A few months back, I posted instructions on deploying Rocket.Chat and Wekan instances (and their mutual dependency, MongoDB) individually. Since then, I've spent some time with Docker Compose, a set of scripts which help you to define, build, and manage a set of Docker containers. Docker Compose is a thing of beauty. This is the way I now deploy Rocket.Chat, Wekan, and MongoDB together.
SkFor any website that requires anyone (users or even just a few admins) to transfer secrets to and from it, you want to ensure the data is end-to-end encrypted. Today various browsers (like Firefox) give warnings when you're sending secret data (like passwords) "in the clear", namely unencrypted.
At the OERu we have two separate instances of market category leading Discourse Forum: one for OER partner and contributor collaborators and the other for learners. These days, online forums are seen as a bit old-school: fuddy-duddy. From my point of view, however, Discourse is "Forum-NG" (a Next Generation forum).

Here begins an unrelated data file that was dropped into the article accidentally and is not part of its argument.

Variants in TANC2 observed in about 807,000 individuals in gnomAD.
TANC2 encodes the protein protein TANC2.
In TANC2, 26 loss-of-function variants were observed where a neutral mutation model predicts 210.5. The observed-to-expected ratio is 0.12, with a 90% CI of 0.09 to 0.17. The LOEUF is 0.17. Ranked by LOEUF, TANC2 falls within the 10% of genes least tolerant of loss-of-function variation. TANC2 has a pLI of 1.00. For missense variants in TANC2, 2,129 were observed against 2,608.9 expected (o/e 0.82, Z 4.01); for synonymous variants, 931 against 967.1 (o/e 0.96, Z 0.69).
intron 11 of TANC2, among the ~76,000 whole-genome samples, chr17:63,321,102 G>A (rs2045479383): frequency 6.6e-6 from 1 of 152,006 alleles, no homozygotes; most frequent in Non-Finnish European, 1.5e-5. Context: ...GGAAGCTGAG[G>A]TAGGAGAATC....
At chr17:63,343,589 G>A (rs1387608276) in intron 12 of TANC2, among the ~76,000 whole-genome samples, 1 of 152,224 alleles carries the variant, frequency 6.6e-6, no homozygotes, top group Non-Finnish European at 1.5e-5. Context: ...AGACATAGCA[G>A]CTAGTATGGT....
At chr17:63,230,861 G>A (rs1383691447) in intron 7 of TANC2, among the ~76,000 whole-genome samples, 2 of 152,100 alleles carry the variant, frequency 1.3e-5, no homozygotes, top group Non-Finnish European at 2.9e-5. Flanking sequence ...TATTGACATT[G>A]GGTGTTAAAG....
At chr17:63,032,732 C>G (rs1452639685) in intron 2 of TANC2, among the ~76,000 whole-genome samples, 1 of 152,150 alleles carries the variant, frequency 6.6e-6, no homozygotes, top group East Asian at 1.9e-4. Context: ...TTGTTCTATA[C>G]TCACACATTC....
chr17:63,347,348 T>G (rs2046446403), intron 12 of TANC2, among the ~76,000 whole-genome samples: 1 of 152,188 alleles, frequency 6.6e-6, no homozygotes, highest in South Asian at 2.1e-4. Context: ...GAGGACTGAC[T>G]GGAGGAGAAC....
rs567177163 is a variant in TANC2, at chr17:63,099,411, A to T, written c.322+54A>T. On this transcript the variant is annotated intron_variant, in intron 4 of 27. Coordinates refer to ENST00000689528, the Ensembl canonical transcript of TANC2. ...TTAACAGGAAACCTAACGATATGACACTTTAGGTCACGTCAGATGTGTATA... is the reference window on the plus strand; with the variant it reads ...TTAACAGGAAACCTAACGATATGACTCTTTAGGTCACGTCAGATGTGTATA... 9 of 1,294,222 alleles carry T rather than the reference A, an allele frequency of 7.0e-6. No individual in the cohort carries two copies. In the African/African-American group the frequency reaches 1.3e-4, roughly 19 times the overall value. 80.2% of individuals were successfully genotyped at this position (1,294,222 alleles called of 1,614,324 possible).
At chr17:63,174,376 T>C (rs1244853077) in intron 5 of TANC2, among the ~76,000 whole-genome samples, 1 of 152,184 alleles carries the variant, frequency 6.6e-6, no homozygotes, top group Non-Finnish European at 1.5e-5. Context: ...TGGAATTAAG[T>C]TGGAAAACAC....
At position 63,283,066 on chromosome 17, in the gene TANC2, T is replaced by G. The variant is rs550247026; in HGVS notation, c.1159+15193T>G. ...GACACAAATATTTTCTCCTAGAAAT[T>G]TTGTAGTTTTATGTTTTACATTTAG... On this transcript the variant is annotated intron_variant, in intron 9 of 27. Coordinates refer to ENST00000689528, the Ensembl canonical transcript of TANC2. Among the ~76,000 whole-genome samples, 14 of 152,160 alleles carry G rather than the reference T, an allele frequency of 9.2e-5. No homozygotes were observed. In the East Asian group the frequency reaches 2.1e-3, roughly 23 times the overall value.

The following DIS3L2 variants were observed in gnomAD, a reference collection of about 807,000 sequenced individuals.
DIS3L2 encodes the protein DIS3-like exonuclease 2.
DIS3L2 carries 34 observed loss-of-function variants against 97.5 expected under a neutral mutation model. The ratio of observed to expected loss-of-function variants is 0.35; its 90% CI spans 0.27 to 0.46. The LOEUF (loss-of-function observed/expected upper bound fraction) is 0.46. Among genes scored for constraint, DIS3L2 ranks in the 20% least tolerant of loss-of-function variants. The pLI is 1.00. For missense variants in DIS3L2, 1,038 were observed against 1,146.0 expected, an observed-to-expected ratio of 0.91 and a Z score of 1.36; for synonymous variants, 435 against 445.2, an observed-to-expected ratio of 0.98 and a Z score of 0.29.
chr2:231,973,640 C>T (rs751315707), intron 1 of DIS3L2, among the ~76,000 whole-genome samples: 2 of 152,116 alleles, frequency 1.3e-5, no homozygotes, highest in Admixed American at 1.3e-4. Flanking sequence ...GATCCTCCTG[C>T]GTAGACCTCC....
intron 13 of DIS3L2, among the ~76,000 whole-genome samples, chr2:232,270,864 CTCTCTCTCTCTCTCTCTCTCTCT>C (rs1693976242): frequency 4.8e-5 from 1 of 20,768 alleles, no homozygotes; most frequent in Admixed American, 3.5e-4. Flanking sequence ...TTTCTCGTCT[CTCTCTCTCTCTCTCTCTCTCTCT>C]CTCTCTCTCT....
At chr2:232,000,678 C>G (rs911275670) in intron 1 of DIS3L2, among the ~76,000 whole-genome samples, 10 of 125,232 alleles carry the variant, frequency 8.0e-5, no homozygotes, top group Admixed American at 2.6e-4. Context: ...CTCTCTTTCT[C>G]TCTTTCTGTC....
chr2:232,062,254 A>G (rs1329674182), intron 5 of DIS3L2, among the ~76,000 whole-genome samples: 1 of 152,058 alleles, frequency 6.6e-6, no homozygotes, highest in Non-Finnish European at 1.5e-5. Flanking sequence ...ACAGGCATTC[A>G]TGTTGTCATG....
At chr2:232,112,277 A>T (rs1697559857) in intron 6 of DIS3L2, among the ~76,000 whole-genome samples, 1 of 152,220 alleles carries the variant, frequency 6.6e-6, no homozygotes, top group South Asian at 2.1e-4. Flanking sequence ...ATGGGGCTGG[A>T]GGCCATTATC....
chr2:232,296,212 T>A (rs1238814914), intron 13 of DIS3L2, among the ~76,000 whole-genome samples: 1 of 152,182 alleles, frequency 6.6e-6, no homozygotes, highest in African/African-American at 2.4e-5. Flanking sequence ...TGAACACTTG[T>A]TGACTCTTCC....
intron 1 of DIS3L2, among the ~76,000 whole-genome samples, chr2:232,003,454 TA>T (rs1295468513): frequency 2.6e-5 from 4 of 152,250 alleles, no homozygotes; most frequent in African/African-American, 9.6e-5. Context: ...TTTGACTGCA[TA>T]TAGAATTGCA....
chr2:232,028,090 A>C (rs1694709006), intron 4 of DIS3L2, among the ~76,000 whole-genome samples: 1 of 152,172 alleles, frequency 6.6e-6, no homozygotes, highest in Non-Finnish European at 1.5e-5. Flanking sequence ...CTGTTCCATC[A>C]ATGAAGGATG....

(Update 2017-05-24: see an easier way to run Wekan, Rocketchat, and MongoDB) You may not have all of these installed, but if you're running Wekan or Rocket.Chat based on our instructions, you'll also have MongoDB, and the need to keep them all up-to-date to benefit from their rapid development processes (quick bug fixes and new and improved features every few days!).
Wekan is an excellent, easy-to-use "kanban board" project management support tool, suitable for all manner of projects. For those who have used the highly marketed Trello kanban service, Wekan is functionally similar open source alternative that organisations can host and control for themselves. They can also enhance it in whatever ways they are moved to do so. We encourage our partner institutions to consider this path as a way of reducing costs as well as increasing freedom and privacy.
The OERu is committed to using free and open source software (FOSS) for all our technical infrastructure to the extent possible. We're doing pretty well in living up to that principle, but there are a few crucial technology areas where we have not yet found a sufficiently usable or mature FOSS option. This post identifies those exceptions, as they stand in September 2016. Despite being grateful to have these proprietary applications available to us, we will replace them with FOSS in each case as soon as a viable option is available!